Senate Bill 598 - which was passed by the Californian assembly in August - would have allowed physicians to insist patients use branded biopharmaceuticals rather than cheaper biosimilars and require that pharmacies notify patients when they dispense an alternative in place of an originator drug
However, on Saturday, the Bill fell at the final hurdle when State Governor Gerald Brown - though accepting and supporting its acknowledgement that approved biosimilars were interchangeable with branded biologics - returned the Bill without his signature.
The requirement for “pharmacists to send notifications back to prescribers about which drug was dispensed,” he wrote, “is for some reason highly controversial.”
He explained: “CalPERS [The California Public Employees' Retirement System] and other large purchasers warn that the requirement itself would cast doubt on the safety and desirability of more cost-effective alternatives to biologics.”
FDA’s Authority Reinforced
His comments reinforce the FDA’s authority and though the agency told Biopharma-Reporter.com it “does not have a position on any particular state legislation,” it previously said efforts to undermine trust in biosimilars were “worrisome.”
“It is important for everyone to approach these issues with an understanding of both FDA’s expertise in this area and what the 2010 [pathway on biosimilar] law requires for approval of biosimilar and interchangeable products,” Lisa Kubaska, FDA spokesperson, told this publication in August.
The Generic Pharmaceutical Association (GPhA) welcomed Brown’s veto with President Ralph Neas saying in a statement that over 30 organisations were opposed to SB 598 and similar bills as “it adds unneeded burdens to the dispensing of biosimilar medications that will drive up costs.”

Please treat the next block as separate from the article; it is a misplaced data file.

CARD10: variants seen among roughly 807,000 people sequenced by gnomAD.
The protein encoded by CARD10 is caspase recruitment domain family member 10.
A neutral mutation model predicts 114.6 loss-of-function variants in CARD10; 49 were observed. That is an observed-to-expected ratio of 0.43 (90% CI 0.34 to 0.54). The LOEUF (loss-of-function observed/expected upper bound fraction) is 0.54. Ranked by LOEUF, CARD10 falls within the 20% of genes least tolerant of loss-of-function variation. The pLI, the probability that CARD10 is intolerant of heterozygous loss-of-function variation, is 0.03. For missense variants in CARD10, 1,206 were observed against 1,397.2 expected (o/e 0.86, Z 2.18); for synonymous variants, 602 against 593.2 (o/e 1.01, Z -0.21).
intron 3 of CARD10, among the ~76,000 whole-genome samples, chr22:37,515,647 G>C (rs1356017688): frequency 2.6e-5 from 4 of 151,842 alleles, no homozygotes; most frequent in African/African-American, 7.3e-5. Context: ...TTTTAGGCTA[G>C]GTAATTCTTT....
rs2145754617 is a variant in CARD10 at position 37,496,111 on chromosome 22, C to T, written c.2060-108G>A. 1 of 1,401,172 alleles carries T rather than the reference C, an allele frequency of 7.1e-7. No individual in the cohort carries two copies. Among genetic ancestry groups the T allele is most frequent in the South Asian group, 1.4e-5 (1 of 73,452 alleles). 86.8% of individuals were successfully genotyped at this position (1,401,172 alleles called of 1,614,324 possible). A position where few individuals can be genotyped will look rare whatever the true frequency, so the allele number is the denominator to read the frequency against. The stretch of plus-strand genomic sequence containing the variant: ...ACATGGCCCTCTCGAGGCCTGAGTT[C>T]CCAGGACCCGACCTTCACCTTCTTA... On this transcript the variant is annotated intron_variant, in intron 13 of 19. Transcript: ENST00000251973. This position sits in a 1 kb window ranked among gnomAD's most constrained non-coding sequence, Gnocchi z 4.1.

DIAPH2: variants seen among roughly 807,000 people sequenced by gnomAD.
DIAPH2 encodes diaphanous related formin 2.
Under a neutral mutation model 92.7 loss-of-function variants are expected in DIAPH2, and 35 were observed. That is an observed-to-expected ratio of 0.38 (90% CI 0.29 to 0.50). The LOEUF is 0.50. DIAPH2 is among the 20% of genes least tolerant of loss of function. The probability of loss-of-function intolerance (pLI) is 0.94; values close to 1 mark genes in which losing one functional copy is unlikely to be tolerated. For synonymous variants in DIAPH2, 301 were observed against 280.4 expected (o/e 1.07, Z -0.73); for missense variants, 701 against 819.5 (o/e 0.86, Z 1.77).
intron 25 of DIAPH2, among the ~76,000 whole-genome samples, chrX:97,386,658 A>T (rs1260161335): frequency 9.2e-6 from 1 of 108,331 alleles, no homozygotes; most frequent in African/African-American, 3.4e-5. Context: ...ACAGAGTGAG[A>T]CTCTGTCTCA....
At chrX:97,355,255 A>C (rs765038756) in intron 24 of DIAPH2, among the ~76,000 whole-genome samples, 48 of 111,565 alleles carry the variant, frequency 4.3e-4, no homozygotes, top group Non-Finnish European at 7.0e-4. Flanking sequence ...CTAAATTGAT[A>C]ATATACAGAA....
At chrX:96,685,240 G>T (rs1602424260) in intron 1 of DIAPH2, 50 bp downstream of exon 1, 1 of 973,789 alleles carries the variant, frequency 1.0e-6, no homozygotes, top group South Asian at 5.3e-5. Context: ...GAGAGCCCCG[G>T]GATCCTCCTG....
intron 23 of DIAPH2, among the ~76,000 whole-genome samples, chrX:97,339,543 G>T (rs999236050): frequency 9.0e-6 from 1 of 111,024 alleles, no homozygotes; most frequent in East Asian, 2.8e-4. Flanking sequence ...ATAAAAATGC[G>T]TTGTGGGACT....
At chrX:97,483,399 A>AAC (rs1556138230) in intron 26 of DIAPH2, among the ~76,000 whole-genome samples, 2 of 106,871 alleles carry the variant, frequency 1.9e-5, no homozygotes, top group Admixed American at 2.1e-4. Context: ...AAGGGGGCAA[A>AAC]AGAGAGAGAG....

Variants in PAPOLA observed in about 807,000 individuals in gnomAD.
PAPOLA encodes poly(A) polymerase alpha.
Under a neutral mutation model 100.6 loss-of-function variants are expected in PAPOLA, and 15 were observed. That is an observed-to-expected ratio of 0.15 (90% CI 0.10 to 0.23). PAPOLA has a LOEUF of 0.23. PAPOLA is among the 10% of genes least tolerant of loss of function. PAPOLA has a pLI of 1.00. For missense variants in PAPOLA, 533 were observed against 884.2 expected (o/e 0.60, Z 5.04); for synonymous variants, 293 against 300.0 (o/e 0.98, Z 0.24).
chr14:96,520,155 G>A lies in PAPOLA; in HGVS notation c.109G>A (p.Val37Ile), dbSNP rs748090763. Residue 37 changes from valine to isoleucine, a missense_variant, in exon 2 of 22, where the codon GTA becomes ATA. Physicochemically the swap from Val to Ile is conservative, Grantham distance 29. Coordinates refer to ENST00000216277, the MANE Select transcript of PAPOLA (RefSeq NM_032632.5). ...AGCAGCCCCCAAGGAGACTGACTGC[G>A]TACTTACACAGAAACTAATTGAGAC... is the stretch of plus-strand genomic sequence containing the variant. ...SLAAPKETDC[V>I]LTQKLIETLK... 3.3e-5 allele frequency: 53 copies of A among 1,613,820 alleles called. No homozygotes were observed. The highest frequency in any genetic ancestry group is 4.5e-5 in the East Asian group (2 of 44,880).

Amgen and Genentech Thwarted
Furthermore, he described this Bill as “one of a series of bills introduced across the country by giant brand biotech companies hoping to stymie competition before any biosimilar therapies are even approved,” in a direct dig at Amgen and Genentech, who have heavily lobbied the legislation across a number of States in order “to drive their profits and thwart competition.”
Neas said: “Legislation similar to SB 598 has been blocked this year in 10 states, enacted with significant amendments in three states, and enacted with Amgen and Genentech-backed provisions intact in only one state (North Dakota). Florida enacted a law that promotes access to biosimilars without burdensome physician notification requirements.”
Amgen said in a statement: “This is a missed opportunity to establish a clear, orderly system for introducing biosimilars into California law, and defining key terminology for our healthcare providers.
“The bill would have given Californians with serious illnesses increased access to biologic and biosimilar medicines in a way that maintained patient medical records and facilitated manufacturer accountability.”
Genentech spokesperson Robin Snyder added the firm was “disappointed” by the decision, telling us that without this legislation, patients may not benefit from “lower cost, FDA-approved biosimilar medicines.”
The nature of the Bill also struck Governor Brown as “premature,” as the FDA “has not yet determined what standards will be required for biosimilars to meet the higher threshold for ‘interchangeability.’”
Snyder rebutted Brown’s comments of the Bill being premature. “Given that biosimilars may be available to patients in 2014, the state legislative initiative in California is timely and necessary.”
The FDA's Center for Drug Evaluation and Research (CDER) has received - as of June - 17 Investigational New Drug (IND) applications for biosimilar development programmes and had already received 56 meeting requests to discuss biosimilar development programs for 12 different products, Snyder said.